Getting Your Driver’s License – A First Hand Experience

I have waited 16 years and 180 days for a breath of freedom, but now that it’s come I’m shaking with nerves. Driving. I sat through three weeks of Drivers Ed with Mr. Wilson, I lived through my mother screaming every time we could see a car four miles in front of me, but as the day of driving with some stranger approached, my nerves increased. I really didn’t want to fail.

The BMV is a boring building.  Generally, there are two or three women working the front counter and one woman who will sit in an office out of view until it gets extremely busy.  It is nerve-wracking, but this editor went in calm.  Don’t wing it; this editor did.  Twice. 

I hardly slept the night before my test, and when I drove to the BMV to take the driving test I was literally shaking. My dad told me repeatedly to stop worrying, but it didn’t help at all.

I entered the building promptly at 8:30 and took a seat waiting for the instructor. She checked my permit and she checked my turn signals before we began our journey. She told my dad we’d be gone for about twenty minutes. “Twenty minutes of nerve wracking torture,” I thought.

The actual test doesn’t seem like 20 minutes.  It is torture; the first step, after the light check, is to pull out of the BMV parking lot and hang a left onto Jackson Street and head west towards the Sunoco station.

Everything went pretty good until we got to the stop light by McDonalds. The light decided to turn red and I didn’t slow down quick enough for her liking. I wanted to cry when I saw her writing on her clipboard. I kept going. I went over the railroad tracks, around the square, and turned on Walnut Street, where the post office is. I was really nervous I’d mess something up on this one-way street.  She was still writing on her clipboard and I didn’t know if she was writing good or bad things.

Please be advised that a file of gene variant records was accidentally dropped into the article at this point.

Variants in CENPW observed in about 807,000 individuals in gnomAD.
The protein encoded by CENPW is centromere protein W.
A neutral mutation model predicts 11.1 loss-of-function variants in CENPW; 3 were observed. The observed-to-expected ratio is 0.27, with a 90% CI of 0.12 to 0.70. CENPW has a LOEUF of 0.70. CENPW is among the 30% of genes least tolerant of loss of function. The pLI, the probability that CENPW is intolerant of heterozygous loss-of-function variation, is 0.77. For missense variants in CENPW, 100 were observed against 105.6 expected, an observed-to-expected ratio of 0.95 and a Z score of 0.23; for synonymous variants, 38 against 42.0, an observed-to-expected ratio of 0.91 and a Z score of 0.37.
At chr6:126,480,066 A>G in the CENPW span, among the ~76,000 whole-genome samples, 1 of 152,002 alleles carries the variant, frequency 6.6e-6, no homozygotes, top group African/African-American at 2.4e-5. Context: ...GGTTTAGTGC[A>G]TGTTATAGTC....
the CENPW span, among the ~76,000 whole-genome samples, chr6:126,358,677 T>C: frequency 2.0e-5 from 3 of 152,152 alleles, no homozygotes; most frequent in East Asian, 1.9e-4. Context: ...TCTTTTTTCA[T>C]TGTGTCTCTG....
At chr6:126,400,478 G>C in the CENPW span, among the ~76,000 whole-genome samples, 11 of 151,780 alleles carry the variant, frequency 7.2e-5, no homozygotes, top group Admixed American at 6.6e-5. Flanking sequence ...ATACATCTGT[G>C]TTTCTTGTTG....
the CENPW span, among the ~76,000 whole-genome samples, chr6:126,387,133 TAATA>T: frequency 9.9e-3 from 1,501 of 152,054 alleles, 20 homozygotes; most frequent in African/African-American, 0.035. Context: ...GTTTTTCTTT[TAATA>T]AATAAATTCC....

Tip 1 – Watch your traffic lights carefully.  Make sure to be prepared to brake at a moment’s notice in front of every light.

Next came one of the biggest fears of mine: parallel parking. When she said “we’re going to parallel park now,” I swear lightening hit and someone let out an evil laugh. I parked, I knew it definitely wasn’t perfect, but the instructor said “good” and wrote on that ridiculous clipboard again. I turned on my turn signal and got back on the road. She had me turn onto this really narrow street and I’m amazed my 2008 Dodge Caliber kept all four tires on the pavement and not in the grass. We turned on the brick street and I prepared to go to the inside lane of the square; another part that I wasn’t very thrilled for.

Tip 2 – Go practice parallel parking.  A great place is to practice at the Salem Speedway parking lot using two things such as old folding chairs or sawhorses.  It is extremely helpful to practice.

We made it back the BMV making small talk about the weather and the storms that had hit. I pulled into a parking spot, and she said “Well, you passed.” I couldn’t hold in my “Yay!” and sigh of relief. She told me I need to work on some simple stuff and we went in to get my license!

I immediately updated my Facebook status, and went back to school. Everyone had to tell me the same thing. “Let me know when you’re driving so I can get off the road.” Way to have confidence, guys!

Getting my license definitely lifted a ton of stress and worry off my shoulders and I’m glad I have a bit of freedom, even if I can’t drive after 11 on a school night.

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